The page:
Even though Roosevelt’s position on the war wasn’t popular in 1939, he was personally popular and was often seen in promos such as this 1939 Coke ad from Beckett and Company.
The war had little impact on day to day life in United States in 1939. Americans had a love affair with motion pictures and the State Theatre showed both The Little Princess with Shirley Temple and Judy Garland’s The Wizard of Oz. Gone with the Wind was in its final stages of production and media was already calling it the most spectacular movie ever made- premium prices were to be charged at the box office when it was released in January 1940. Superman and Batman both made their debuts, Frank Sinatra made his first recording and Bette Davis and Spencer Tracy won Academy Awards. Montgomery Ward produced a promotional Christmas coloring book featuring a red nosed reindeer eventually named Rudolph although Rudolph was originally to be a moose named “Rollo “or “Reginald” and a Christmas legend was born. The lexicographers at Merriam Webster discovered that its dictionary had contained the word “Dord”, defined as “density” since 1934 and “Dord” was, in fact, a “ghost word”- it didn’t exist. The explanation of how it came to be included in the dictionary in 1934 is too complex to relate but the editor in chief deleted the word in 1939 while suggesting it was “probably too bad, for why shouldn’t “dord” mean density?”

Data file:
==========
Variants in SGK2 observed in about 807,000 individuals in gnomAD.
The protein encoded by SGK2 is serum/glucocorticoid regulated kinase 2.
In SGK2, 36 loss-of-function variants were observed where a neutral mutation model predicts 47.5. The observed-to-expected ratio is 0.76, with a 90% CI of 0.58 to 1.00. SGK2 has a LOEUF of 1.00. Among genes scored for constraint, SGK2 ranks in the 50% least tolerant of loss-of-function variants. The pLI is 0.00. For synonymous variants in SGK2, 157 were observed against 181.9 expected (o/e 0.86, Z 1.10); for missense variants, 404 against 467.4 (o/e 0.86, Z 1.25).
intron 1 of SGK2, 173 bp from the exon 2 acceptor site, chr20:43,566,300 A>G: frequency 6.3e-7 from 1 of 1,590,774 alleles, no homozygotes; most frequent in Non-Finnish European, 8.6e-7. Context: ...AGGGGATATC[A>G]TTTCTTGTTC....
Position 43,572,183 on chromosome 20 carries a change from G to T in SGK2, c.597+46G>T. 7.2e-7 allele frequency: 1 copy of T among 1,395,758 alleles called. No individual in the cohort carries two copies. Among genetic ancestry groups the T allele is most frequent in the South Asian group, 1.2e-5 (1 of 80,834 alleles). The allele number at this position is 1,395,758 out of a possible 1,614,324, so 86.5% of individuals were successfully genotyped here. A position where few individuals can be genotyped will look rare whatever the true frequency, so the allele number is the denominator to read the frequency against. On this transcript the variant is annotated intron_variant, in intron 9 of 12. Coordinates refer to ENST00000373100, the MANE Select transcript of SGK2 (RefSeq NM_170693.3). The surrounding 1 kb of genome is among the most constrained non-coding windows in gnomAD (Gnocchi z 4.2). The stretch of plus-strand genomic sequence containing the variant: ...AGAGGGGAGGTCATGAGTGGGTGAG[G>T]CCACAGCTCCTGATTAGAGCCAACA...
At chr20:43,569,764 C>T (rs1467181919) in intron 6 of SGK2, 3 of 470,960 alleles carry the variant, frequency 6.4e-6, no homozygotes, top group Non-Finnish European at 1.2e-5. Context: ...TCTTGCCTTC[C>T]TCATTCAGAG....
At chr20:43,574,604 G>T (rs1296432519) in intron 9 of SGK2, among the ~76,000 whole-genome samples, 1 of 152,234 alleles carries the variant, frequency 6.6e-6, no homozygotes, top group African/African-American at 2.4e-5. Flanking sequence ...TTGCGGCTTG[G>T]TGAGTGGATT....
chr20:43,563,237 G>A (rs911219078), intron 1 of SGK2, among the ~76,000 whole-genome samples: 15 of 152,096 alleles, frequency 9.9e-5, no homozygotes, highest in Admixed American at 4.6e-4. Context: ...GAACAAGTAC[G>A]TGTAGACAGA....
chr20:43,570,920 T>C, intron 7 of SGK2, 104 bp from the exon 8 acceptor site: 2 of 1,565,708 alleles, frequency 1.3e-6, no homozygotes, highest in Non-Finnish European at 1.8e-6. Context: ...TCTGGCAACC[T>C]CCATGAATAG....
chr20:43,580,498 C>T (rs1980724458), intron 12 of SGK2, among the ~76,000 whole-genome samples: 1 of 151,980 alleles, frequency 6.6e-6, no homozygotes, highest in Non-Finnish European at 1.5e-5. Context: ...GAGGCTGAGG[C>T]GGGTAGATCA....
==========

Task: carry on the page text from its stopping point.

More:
In sports Ted Willams hit his first homer and Lou Gehrig’s 2130 consecutive game streak ended after he was diagnosed with a crippling nerve disease which not only took his baseball career but his life a couple of years later.
The obituary of Hezekiah King marked the death of the last living veteran of the Civil War from this area. He was 96 years old.
The Cole Bridges garage burned again in 1939. This building is perhaps the most fire prone in Calais history. It burned to the ground in the great fire on 1870 and was rebuilt only to burn on a regular basis over the years including a couple of times after the 1939 fire. It still stands today, a monument to the perseverance of its owners and the generosity or gullibility of the insurance companies. In the bottom photo the St Croix Hotel can be seen to the right of chimney at the center of the photo. The top photo is the original Cole Bridges Dodge garage. In the billboard on the side of the building a little girl declares “My Mother says our Dodge is so economical”. To the far right is the Emmans Hotel which was torn down in late 1939 and replaced by the JD Thomas filling station.
In other Calais news of 1939 the Moosehorn Wildlife Refuge was officially designated a preservation area and Dr. Miner sold the Calais Hospital on Church Street to the City of Calais. In Red Beach James Harvey of Woodland went off the road at Plaster Mill Cove and his car plunged 150 feet to the water. Mr. Harvey was trapped in the car and would have drowned had not William Ross of Milltown seen the accident and dived into the river to extricate Mr. Harvey from the car. Harvey insisted his wife had also been in the car which caused additional panic but it turned out that Mr. Harvey had forgotten he had left Mrs. Harvey at a nearby dancehall. This led to suspicion that Mr. Harvey had also forgotten to put the plug in the jug before leaving the dancehall and he spent the night in the Calais lockup.